Congress Off to Good Start on Telecom Update With Focus on Broadband Technology

WASHINGTON - Congress is off to a good start on its effort to update the 1996 Telecommunications Act by holding a hearing today focusing on how broadband technology is changing the world of communications, according to Verizon executive Peter B. Davidson.

The topic of the hearing by the House Subcommittee on Telecommunications and the Internet was, "How IP-Enabled Services Are Changing the Face of Communications: A View From Technology Companies." The panel, chaired by Rep. Fred Upton, heard from top executives of Motorola, Lucent, Alcatel and Qualcomm on how broadband-based technology is changing the marketplace, providing new applications and services for consumers, and spurring economic growth. Technology leaders who testified suggested Congress should free broadband from burdensome regulations.

"Chairman Upton and members of the subcommittee are doing exactly the right thing by focusing on technology and consumers," said Davidson, senior vice president for federal government relations at Verizon, after attending the hearing. "We're in a new, Internet-enabled world of communications that promises more and better choices for consumers. But the laws have got to catch up with technology for this potential to be reached faster.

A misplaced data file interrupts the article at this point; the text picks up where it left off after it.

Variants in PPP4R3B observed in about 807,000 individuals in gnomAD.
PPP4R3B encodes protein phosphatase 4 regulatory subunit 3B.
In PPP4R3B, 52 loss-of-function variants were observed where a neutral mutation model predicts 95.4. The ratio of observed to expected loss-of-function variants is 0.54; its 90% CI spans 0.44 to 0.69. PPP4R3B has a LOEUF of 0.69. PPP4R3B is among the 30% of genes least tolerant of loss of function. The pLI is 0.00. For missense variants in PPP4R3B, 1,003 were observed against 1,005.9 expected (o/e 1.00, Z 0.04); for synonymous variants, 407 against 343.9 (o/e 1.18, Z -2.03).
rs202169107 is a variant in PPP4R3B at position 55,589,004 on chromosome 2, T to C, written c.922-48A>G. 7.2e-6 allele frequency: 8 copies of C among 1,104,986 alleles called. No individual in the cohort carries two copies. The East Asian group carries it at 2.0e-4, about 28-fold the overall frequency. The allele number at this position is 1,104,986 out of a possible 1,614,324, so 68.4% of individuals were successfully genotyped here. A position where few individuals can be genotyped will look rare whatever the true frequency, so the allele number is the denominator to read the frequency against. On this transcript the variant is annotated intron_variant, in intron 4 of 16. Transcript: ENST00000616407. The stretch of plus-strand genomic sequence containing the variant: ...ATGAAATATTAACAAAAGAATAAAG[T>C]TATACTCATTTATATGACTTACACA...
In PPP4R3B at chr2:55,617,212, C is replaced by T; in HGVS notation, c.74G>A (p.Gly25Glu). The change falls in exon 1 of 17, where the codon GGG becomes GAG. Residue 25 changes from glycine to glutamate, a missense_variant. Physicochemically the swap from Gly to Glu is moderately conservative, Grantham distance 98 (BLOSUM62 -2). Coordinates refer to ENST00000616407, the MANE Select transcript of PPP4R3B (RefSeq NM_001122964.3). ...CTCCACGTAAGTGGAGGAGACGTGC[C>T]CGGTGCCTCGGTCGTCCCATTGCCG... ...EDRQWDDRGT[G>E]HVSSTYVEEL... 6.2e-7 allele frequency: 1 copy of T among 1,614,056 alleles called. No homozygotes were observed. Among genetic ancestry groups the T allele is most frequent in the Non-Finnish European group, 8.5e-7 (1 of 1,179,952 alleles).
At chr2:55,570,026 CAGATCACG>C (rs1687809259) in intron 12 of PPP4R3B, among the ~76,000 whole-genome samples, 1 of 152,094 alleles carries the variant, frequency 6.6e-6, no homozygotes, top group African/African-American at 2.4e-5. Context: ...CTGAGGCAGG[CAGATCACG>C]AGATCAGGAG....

"Chairmen Barton and Upton understand that consumers and the economy will benefit from changes now under way, and we thank them for their leadership in updating the law," Davidson said. Rep. Joe Barton chairs the House Committee on Energy and Commerce.

Verizon is moving forward with its aggressive plan to bring fiber-optic broadband connections directly to homes and businesses. FiOs, Verizon's new, high-speed Internet service, is available to homes and businesses in more than 70 communities in nine states. The company has already announced deployments in a total of 12 states (California, Delaware, Florida, Indiana, Maryland, Massachusetts, New Hampshire, New York, Pennsylvania, Rhode Island, Texas, and Virginia). Verizon fiber currently passes approximately 1 million premises, and the current pace of deployment is running at 35,000 to 40,000 premises per week. FiOs is video-capable, and a commercial video product designed to give consumers a competitive alternative to cable television will be deployed starting in the second half of the year. Verizon invested approximately $1 billion on its fiber network in 2004. The company expects to hire 3,000 to 5,000 employees by the end of 2005 to help build the network.

Verizon Communications Inc.

With more than $71 billion in annual revenues, Verizon Communications Inc. (NYSE:VZ) is one of the world's leading providers of communications services. Verizon has a diverse work force of more than 210,000 in four business units: Domestic Telecom serves customers based in 29 states with wireline telecommunications services, including broadband, nationwide long-distance and other services. Verizon Wireless owns and operates the nation's most reliable wireless network, serving 43.8 million voice and data customers across the United States. Information Services operates directory publishing businesses and provides electronic commerce services. International includes wireline and wireless operations and investments, primarily in the Americas and Europe. For more information, visit www.verizon.com.